Gosling & Taylor, The Greeks on Pleasure. (Notes up to but not including Epicurus)

  • Also as to method I think we have to acknowledge that not every person in every situation is a good prospect for becoming an Epicurean. They could be and should be, if started early enough, but at some point the thought patterns become so entrenched that there's just no going back and rebuilding at the appropriate ground level.

    So that means that I think we spin our wheels uselessly when we focus all our time on "Academic" types who have already spend much of their lives pursuing other paths. No doubt some of them are open to rethinking things, but the issues we address are so emotional that of the academic class, if they haven't already gotten to the point where there realize the value of the Epicurean perspective (even if they don't realize that it is Epicurean) then they probably are not going to be able to do anything other than resist it since it conflicts so strongly with their core beliefs.

    I know that's a broad brush and there will be many individual exceptions, but I'm saying this from a general "strategy" perspective of how it makes sense for most of us to spend our time.

    I know I get a lot more "satisfaction" and "pleasure" in talking to people who are intelligent but new to Epicurus, and who want to take it seriously in their own lives, rather than debating committed Stoics or those of other philosophies who simply want to compare relatively obscure details without ever being open on the basic issues. That's a significant part of what is frustrating in talking to confirmed Stoics, although NEW stoics, who don't yet realize where Stoicism really leads, are often receptive.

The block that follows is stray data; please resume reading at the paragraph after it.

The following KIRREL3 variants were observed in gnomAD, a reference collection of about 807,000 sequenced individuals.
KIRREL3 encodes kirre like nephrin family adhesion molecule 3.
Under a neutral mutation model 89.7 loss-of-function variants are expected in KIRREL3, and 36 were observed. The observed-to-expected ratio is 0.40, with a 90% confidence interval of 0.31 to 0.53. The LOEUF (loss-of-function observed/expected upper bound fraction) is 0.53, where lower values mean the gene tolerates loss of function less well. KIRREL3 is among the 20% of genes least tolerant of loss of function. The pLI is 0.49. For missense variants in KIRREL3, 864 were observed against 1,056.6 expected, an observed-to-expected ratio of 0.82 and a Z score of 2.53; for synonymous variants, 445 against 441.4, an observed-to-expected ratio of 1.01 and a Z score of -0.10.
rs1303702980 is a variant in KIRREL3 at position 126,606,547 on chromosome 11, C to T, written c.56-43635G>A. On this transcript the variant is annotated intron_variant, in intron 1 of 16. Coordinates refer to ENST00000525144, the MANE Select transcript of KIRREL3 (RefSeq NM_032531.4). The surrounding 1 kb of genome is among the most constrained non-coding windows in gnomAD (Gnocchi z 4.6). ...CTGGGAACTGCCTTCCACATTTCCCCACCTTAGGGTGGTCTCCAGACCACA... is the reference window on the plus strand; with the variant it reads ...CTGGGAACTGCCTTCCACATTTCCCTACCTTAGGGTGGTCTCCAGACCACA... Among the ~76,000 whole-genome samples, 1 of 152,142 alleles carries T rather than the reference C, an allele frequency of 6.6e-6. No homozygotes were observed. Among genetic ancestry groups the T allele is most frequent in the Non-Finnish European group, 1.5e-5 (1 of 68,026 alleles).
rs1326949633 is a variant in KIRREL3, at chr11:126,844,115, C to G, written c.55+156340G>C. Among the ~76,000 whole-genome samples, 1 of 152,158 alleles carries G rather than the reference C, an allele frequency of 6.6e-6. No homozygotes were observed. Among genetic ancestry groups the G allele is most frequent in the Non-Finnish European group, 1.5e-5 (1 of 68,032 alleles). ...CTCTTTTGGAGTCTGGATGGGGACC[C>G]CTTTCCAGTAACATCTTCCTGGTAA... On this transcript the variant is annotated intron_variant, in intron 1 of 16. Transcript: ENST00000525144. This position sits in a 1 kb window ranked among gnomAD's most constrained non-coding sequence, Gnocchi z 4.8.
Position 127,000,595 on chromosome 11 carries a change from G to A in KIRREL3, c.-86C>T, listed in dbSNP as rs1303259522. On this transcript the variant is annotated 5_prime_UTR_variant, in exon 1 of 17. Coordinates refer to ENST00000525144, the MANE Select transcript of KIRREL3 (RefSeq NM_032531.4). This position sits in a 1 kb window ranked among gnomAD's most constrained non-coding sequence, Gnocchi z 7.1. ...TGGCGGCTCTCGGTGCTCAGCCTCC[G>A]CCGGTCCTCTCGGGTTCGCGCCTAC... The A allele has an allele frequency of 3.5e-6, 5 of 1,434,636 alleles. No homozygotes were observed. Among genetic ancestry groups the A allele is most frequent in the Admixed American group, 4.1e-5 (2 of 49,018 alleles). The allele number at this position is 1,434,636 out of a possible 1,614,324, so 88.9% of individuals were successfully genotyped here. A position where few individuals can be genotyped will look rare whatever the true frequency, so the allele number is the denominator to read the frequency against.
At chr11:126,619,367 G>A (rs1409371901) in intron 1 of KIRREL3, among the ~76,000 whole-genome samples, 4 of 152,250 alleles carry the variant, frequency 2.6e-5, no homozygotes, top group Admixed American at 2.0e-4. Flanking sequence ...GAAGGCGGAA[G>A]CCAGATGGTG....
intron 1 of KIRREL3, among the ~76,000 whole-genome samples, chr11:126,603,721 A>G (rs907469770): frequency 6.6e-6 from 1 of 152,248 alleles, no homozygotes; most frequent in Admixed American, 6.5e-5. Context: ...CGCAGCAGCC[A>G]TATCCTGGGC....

• For anyone reading this thread, this is the heart of the Nikoslky argument, which is something he says that he researched after reading through the arguments of Gosling and Taylor. Full article is here.

    Thank you for posting that link. I thought I had read it, but, if I did, I had forgotten some of his arguments. He raises some strong arguments for his case! I'm convinced, I think, but it definitely calls for a close, attentive reading.

  • In reading about the Cyrenaics, it seems to me that PD 10 (and the similar text in the Letter to Menoikos) is a direct rebuke to them.


    If the things which debauched men find pleasurable put an end to all fears... and if they revealed how we ought to limit our desires, we would have no reason to reproach them, for they would be fulfilled with pleasures from every source while experiencing no pain, neither in mind nor body, which is the chief evil of life.

    The key word here, to me, has always been *if*. As far as I can see, Aristippus advocated for his followers to experience *every* pleasure. Epicurus agreed that every pleasure is good, but advocated for a selection - choice and avoidance - of pleasures leading to the most pleasant life.

    Reading about the Cyrenaics has further convinced me that PD 10 is directly addressing people who would try and lump in the Epicureans with the Cyrenaics just because of their emphasis on pleasure.

  • " As far as I can see, Aristippus advocated for his followers to experience *every* pleasure"

    Do you think so? I have not read the material closely enough to agree or disagree. But on its face that position would seem to be difficult to reconcile with real life, so I wonder if that allegation (that *every* pleasure should be experienced) was true or a slander.

  • " As far as I can see, Aristippus advocated for his followers to experience *every* pleasure"

    Do you think so? I have not read the material closely enough to agree or disagree. But on its face that position would seem to be difficult to reconcile with real life, so I wonder if that allegation (that *every* pleasure should be experienced) was true or a slander.